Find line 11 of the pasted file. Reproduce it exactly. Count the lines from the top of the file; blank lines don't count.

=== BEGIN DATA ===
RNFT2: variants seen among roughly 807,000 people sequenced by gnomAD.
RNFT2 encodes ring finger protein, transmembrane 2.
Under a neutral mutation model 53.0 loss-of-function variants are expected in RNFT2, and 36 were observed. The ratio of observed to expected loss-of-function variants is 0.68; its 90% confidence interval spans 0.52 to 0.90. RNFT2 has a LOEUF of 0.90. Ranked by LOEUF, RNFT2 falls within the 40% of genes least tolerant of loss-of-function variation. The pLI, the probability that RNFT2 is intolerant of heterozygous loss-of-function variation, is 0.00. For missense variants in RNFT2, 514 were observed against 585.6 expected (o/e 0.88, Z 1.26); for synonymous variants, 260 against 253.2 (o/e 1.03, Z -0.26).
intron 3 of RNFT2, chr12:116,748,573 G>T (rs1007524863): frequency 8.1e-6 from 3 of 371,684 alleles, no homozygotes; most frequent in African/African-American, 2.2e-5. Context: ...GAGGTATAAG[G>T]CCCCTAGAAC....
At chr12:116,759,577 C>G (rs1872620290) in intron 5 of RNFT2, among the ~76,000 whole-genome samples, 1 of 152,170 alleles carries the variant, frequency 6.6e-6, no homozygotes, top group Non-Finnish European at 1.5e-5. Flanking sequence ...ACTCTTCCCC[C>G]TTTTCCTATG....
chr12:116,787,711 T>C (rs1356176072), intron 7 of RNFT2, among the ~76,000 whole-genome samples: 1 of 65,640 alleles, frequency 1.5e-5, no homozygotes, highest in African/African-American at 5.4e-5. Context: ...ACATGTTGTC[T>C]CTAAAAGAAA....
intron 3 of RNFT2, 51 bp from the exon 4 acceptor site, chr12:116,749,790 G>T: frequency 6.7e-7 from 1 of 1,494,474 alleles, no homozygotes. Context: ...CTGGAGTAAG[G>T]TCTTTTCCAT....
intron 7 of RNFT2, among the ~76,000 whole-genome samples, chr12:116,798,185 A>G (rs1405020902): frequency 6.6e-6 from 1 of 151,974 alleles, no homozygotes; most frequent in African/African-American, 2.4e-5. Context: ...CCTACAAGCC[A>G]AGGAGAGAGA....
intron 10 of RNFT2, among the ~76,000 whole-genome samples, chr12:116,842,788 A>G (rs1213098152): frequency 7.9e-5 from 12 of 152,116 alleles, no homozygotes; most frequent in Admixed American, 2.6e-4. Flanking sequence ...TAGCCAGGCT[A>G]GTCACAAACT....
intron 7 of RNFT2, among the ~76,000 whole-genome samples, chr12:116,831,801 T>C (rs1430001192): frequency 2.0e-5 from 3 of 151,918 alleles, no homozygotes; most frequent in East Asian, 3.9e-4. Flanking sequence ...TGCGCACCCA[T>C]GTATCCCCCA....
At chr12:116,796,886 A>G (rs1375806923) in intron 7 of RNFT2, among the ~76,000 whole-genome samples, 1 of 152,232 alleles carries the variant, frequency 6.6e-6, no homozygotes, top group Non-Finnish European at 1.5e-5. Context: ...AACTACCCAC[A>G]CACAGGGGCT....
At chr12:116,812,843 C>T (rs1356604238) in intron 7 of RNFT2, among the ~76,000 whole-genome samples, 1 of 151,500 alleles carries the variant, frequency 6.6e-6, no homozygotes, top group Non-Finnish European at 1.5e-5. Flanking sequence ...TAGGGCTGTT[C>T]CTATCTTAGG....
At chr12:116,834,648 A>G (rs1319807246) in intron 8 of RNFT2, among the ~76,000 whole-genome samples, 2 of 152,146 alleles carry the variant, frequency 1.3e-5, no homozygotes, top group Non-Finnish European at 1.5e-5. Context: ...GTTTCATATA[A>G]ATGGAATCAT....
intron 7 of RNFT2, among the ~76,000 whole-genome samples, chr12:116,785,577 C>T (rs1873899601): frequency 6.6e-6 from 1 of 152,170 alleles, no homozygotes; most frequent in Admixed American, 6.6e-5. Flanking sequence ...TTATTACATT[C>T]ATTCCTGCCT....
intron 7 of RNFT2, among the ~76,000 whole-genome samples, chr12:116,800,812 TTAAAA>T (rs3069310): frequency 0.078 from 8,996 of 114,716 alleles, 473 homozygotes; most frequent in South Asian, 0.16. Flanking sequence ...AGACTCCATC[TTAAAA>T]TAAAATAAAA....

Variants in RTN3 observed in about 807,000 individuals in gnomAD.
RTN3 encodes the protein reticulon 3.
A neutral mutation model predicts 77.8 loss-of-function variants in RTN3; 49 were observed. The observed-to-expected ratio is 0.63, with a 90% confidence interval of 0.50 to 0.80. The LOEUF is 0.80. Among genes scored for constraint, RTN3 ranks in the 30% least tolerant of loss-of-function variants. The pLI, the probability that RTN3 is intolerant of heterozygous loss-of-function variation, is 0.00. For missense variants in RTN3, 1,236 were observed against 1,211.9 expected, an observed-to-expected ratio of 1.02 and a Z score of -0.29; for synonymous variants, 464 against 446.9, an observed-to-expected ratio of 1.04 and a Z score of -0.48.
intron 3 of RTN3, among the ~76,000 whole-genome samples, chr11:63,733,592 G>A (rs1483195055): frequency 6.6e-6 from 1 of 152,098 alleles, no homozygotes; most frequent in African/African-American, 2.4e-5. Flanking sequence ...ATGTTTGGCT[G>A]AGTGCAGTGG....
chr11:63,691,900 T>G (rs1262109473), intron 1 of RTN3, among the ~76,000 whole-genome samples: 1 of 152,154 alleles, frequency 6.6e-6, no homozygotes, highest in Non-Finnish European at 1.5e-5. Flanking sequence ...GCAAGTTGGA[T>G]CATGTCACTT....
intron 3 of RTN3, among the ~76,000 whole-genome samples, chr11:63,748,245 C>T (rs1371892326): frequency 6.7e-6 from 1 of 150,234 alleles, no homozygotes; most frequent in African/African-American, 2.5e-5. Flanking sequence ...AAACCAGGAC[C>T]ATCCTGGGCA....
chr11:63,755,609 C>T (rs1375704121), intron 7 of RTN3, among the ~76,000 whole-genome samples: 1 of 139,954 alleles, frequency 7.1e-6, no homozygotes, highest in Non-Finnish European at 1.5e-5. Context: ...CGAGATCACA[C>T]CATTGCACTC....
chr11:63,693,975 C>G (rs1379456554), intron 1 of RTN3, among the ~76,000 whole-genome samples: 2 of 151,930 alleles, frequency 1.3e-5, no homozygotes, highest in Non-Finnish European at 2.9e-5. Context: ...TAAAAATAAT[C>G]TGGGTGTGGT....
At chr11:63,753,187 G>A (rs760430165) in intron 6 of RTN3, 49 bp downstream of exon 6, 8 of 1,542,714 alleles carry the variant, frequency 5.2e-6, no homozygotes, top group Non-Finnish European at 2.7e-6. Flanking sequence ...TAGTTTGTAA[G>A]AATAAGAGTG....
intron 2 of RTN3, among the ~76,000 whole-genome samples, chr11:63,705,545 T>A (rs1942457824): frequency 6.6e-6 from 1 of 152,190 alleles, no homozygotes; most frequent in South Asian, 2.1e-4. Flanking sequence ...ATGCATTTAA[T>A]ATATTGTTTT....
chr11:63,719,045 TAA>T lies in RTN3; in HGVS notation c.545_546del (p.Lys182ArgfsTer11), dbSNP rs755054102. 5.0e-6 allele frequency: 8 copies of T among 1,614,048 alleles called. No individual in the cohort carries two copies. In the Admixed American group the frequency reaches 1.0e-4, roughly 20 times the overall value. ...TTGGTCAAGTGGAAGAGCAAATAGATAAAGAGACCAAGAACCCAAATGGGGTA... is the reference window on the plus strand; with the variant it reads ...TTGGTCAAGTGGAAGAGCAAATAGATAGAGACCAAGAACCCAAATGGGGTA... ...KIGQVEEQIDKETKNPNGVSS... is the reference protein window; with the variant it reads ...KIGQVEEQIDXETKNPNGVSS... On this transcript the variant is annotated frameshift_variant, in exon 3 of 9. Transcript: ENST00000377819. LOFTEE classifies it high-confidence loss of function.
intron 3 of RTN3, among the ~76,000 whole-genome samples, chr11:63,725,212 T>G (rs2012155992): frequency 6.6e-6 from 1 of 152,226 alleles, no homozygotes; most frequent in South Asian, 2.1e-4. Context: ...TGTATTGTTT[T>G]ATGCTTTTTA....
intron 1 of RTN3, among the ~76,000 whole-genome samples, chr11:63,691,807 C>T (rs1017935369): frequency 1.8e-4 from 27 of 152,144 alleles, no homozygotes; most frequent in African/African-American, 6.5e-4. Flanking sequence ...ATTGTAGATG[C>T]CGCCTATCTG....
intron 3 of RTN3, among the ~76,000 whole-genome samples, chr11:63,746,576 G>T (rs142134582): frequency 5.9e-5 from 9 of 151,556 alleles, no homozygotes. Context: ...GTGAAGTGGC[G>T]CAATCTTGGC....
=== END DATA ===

At chr12:116,796,886 A>G (rs1375806923) in intron 7 of RNFT2, among the ~76,000 whole-genome samples, 1 of 152,232 alleles carries the variant, frequency 6.6e-6, no homozygotes, top group Non-Finnish European at 1.5e-5. Context: ...AACTACCCAC[A>G]CACAGGGGCT....